Possible Major Changes For PIP Insurance On The Horizon
In years past, multiple bills have advanced through the Florida legislature to reform or repeal the state’s personal injury protection (PIP) law, either in favor of adversarial, ‘fault’ based insurance, or in favor of bodily injury liability (BIL) coverage, which would function differently from the current system. In January 2020, a new set of bills is before the legislature, but it remains to be seen whether they will be adopted, and if they are, how they will affect Florida drivers.
No Fault Positives & Negatives
Florida is a “no fault” state, which means that if you are in an accident, the question of whose fault it was is irrelevant, because an injured driver or pedestrian must rely on their own PIP coverage to pay any medical bills they incur. Florida law mandates that anyone who has registered a vehicle in the state must carry at least $10,000 in PIP coverage, plus $10,000 in property damage liability (PDL), and the law states that this coverage will cover up to 80 percent of your “reasonable” expenses for “medically necessary” care.
This system has positives and negatives, many of which are debated every time a repeal bill pops up in the legislature. Under this system, injured drivers can (at least in theory) get their medical bills taken care of without having to go through a slow court case, but at the same time, only up to 80 percent of their bills will be covered, and the remaining 20 percent can and does add up. Both sides of the argument make their voices heard, and it remains to be seen what the legislature will actually do with the current bills in the House and Senate.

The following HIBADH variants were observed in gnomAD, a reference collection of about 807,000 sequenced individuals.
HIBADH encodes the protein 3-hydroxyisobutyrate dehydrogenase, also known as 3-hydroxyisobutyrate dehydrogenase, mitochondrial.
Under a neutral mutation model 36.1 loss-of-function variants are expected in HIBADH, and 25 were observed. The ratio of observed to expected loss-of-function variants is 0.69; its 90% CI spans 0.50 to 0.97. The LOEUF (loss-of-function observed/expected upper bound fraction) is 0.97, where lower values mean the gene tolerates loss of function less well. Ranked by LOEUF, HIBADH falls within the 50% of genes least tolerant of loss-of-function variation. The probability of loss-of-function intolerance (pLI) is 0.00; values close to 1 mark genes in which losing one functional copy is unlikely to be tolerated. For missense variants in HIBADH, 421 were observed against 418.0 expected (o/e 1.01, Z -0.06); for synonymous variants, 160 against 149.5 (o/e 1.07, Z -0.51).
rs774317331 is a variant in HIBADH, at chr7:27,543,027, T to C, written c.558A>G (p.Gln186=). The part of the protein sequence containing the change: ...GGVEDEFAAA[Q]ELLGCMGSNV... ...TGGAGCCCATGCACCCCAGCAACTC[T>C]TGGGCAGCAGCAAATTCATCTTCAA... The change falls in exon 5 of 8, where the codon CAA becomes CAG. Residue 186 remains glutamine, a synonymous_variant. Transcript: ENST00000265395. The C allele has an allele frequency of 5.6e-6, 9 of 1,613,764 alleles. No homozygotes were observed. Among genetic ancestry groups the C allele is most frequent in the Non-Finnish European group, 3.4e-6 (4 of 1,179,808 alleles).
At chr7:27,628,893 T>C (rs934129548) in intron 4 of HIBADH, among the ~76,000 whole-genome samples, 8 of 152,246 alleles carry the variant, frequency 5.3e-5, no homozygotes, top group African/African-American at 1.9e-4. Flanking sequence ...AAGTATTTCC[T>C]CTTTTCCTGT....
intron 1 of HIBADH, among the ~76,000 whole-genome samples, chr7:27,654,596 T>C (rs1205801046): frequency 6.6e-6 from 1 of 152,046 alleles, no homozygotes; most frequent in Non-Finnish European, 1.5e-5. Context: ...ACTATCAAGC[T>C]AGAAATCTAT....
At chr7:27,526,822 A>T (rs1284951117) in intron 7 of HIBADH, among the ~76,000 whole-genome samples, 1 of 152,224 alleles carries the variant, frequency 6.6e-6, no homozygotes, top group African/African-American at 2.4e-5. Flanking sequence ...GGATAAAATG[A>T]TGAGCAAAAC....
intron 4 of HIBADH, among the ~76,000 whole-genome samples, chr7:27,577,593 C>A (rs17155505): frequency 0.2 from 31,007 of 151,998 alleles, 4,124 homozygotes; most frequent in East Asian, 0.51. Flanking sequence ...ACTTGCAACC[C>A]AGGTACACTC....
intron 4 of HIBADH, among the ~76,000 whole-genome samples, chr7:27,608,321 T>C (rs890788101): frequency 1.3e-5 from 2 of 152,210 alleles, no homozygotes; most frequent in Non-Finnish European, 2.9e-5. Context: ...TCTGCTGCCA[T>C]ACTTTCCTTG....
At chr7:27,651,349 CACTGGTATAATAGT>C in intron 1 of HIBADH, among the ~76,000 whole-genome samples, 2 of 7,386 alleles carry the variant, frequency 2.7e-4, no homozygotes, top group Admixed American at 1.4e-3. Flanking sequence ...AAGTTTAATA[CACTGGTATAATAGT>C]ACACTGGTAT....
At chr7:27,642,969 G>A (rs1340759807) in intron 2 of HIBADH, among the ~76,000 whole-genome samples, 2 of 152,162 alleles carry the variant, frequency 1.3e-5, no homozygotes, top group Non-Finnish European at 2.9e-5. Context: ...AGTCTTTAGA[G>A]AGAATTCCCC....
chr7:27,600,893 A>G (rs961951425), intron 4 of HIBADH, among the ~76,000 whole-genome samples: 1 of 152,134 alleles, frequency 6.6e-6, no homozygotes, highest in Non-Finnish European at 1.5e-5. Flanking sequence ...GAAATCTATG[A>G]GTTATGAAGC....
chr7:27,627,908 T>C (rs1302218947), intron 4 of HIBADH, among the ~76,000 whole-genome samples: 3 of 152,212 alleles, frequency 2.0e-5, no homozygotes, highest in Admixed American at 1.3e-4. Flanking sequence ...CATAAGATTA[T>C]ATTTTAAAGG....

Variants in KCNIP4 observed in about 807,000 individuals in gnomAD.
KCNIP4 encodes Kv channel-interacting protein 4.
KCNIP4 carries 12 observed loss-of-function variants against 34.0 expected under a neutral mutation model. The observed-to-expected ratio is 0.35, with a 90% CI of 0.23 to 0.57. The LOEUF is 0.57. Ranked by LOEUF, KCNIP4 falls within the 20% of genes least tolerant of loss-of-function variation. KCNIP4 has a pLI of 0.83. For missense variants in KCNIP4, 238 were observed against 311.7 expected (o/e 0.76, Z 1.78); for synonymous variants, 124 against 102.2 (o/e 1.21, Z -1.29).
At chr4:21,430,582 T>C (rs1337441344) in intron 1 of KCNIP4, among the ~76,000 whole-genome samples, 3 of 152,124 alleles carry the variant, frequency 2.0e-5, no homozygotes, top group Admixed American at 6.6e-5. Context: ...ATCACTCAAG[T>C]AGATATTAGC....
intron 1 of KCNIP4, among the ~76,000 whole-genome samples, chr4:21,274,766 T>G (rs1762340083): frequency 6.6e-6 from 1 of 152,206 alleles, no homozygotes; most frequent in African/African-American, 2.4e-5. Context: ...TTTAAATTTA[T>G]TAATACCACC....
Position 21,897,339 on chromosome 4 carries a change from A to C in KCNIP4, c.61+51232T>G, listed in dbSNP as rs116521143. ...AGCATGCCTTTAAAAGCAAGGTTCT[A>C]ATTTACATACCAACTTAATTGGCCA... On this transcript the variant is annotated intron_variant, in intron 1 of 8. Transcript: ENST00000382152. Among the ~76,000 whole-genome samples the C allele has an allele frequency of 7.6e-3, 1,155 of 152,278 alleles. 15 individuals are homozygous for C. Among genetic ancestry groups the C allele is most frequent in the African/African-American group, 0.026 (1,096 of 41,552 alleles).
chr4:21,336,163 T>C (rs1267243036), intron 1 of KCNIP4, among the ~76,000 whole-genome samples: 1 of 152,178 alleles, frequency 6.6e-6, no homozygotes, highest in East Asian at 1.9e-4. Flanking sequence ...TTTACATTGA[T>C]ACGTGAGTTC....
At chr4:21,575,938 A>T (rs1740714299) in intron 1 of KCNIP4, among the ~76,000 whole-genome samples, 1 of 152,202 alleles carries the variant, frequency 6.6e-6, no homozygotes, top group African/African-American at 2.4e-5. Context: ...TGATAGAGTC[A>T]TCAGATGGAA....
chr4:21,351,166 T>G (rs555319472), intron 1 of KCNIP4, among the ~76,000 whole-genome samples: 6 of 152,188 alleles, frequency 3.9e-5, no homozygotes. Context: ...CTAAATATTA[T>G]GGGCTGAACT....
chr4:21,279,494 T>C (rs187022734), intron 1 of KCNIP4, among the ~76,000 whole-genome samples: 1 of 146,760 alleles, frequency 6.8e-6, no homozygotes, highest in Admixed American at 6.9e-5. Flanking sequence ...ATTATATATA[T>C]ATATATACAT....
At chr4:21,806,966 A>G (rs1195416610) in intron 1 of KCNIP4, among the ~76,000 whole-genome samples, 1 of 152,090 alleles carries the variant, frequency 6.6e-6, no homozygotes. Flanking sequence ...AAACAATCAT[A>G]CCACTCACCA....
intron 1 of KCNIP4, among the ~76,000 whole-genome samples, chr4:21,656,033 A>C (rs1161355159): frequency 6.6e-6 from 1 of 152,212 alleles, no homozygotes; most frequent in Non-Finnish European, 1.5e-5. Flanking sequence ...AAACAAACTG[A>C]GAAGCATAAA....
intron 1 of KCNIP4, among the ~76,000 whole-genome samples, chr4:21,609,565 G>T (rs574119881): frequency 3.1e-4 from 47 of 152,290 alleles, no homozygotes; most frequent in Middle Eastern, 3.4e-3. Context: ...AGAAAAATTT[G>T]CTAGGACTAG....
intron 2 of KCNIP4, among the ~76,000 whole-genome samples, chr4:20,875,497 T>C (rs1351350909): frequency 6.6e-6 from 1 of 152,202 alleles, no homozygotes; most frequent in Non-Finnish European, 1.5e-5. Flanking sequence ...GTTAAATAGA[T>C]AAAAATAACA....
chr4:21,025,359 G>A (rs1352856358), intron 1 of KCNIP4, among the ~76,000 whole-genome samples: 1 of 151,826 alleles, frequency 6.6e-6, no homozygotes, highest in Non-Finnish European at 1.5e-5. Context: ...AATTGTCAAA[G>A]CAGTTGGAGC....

The current bill in the Florida Senate has, as of this writing, has cleared one committee, and will make its way to another in the coming weeks. Sponsored by Sen. Tom Lee of Brandon, the bill would replace the current PIP system with bodily injury liability coverage, under which the person actually at fault for an accident would be responsible for paying the medical bills that might result from it. It would require at least $25,000 in BIL coverage for one person, and $50,000 for two or more injured or deceased people in a crash, plus death benefits and optional medical payments.
The bill currently has some supporters, though there is some understandable pushback from the insurance sector that argues switching systems would open Florida’s dockets to an explosion of lawsuits. The major stumbling block for some in the legislature is uninsured motorists; Florida has one of the highest percentages of uninsured motorists, and under a tort system (a ‘fault’ system), anyone who was involved in an accident with an uninsured motorist would not have any recourse to sue, since there would be no insurance coverage to touch.
Contact A Tampa Auto Accident Attorney
While the fate of Sen. Lee’s bill is still yet to be determined, the current system of seeking compensation for injuries from an auto accident is complex and difficult at the best of times. If you have questions or concerns about getting your medical bills paid after an accident, the Tampa car accident attorneys at the Rinaldo Law Group are happy to try and assist you. Call our offices today for a free consultation.